6. Oops, Cynthia asked when I lived in Little Rock too and I forgot to answer! I lived in the area twice. The first time was in 1997-1998 and we lived in the Jacksonville area, but my husband and I both worked in Little Rock. He was University of Arkansas Medical Center and I was at the VA hospital. I was a histologist– I worked in a lab and processed tissue samples looking for cancer and disease.

    When I moved back to Little Rock in 2002, I had gone back to school to work on a degree in interior design. I was lucky enough to literally fall into a job as a kitchen and bath designer. We had quite a few clients in southern Arkansas so we made a lot of day trips. My family moved to Franklin, Tennessee in 2005.

    Thanks, Heather!

    • I work at UAMS – I am the HR person for the College of Pharmacy. You wouldn’t recognize the place now – It’s grown so much. We have some outstanding researchers here now working in the fields of Cancer research, eyes, genes, you name it.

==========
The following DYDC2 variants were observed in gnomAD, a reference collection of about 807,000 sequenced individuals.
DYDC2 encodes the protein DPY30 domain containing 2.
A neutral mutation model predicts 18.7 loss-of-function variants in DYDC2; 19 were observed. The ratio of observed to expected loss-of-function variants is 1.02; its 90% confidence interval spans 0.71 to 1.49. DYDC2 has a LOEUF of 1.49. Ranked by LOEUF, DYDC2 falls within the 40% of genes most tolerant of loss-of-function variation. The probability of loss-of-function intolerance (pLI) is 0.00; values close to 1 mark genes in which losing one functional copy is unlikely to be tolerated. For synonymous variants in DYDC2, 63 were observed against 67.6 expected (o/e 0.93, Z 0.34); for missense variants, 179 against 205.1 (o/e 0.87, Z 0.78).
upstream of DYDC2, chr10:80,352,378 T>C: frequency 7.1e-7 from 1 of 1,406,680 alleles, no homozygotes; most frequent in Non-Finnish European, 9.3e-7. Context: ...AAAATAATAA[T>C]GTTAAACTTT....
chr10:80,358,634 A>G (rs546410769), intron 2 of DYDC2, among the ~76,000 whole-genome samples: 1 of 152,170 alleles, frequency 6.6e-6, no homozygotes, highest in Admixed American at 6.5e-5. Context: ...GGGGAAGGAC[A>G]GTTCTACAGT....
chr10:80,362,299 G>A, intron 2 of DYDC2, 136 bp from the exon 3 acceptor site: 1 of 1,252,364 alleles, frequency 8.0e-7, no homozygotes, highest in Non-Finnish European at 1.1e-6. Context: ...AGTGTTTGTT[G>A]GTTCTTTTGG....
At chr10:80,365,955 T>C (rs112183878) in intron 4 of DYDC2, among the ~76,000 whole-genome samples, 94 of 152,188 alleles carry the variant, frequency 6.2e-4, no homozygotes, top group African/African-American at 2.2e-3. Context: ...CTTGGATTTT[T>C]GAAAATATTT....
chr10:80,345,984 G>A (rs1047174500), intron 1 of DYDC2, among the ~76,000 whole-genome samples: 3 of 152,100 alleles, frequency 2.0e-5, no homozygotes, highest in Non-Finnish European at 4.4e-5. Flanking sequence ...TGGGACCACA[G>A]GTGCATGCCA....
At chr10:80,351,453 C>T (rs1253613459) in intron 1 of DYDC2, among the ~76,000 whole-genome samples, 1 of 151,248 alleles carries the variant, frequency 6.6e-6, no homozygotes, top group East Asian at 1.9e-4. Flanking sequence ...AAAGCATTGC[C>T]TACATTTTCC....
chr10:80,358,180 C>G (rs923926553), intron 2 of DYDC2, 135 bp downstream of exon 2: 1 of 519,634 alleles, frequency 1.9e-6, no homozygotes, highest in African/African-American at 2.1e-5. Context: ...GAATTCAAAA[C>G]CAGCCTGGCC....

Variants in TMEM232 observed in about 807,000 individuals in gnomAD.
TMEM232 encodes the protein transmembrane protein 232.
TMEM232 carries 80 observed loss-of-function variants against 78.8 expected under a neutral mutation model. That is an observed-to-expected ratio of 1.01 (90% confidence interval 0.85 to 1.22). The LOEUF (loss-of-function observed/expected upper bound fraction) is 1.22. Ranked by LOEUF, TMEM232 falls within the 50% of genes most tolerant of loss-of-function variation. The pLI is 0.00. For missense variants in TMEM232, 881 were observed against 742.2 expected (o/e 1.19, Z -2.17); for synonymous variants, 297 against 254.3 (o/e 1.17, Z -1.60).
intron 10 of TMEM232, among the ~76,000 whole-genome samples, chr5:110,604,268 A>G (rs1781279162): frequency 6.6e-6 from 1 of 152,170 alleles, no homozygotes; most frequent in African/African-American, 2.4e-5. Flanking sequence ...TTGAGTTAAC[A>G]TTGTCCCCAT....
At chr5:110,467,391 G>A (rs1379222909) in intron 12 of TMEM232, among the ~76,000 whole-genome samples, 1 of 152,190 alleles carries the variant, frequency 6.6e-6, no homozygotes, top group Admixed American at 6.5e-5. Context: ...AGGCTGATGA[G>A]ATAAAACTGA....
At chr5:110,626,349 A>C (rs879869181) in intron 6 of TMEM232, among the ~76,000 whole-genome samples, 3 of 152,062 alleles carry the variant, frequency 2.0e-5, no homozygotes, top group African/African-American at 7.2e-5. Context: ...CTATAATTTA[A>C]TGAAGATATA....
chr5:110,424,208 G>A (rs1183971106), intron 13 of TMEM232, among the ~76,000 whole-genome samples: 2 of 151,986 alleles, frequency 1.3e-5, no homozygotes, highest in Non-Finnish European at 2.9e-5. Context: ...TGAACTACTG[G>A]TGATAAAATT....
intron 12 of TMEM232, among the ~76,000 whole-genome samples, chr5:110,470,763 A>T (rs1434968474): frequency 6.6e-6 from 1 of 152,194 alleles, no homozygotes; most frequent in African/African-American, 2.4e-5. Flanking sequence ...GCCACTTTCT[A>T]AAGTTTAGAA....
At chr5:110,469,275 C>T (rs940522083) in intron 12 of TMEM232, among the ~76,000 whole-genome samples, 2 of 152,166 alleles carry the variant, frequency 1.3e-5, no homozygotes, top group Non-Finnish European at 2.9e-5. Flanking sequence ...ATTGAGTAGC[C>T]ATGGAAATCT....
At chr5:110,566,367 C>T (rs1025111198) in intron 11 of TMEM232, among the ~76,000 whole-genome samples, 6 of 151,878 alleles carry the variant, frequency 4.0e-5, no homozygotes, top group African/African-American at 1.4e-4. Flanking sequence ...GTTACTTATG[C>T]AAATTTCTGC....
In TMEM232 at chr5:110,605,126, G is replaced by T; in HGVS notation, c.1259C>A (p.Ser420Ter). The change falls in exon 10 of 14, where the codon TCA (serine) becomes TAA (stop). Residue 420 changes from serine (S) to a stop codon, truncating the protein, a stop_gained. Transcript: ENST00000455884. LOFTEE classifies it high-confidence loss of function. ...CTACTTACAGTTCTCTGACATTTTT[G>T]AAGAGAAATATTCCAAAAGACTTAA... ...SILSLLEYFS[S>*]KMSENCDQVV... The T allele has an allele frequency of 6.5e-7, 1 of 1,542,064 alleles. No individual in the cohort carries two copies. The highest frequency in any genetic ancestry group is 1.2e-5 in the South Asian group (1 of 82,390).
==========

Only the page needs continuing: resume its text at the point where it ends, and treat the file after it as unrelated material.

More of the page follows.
7. Gotta say, having a vision of someone’s toilet overflowing makes me never want to have a second sight of any kind! hahaha. The book sounds great!

  8. Great review Kari! The excerpt made me want to read the book but the review and interview clinched it!

    Hi Denise! Congratulations! I lived in several small towns growing up and loved it. Sometimes I think I’d like to go back, until I realize how far away Starbucks, etc would be.

    • Thanks, Shawna! Yeah, my addiction to Starbucks is known far and wide. Back when I wrote more on my family blog, my readers would sometimes email or comment and say “I went to Starbucks and thought of you.”

      The first sign you might have a problem…. 😉

  9. Hi, Denise! Sorry to be commenting so late. Day job. 😦

    I’ve never even been NEAR Arkansas, so I feel really left out. LOL

    Your reasons for self-publishing are what I consider some of the best, and it sounds like you really did it right. Good luck with your sales!

  10. Late as usual, but hello to Denise and thanks to everyone for making her feel welcome. I’ve done small town most of my life, but not in the south. Seems like people are about the same everywhere though.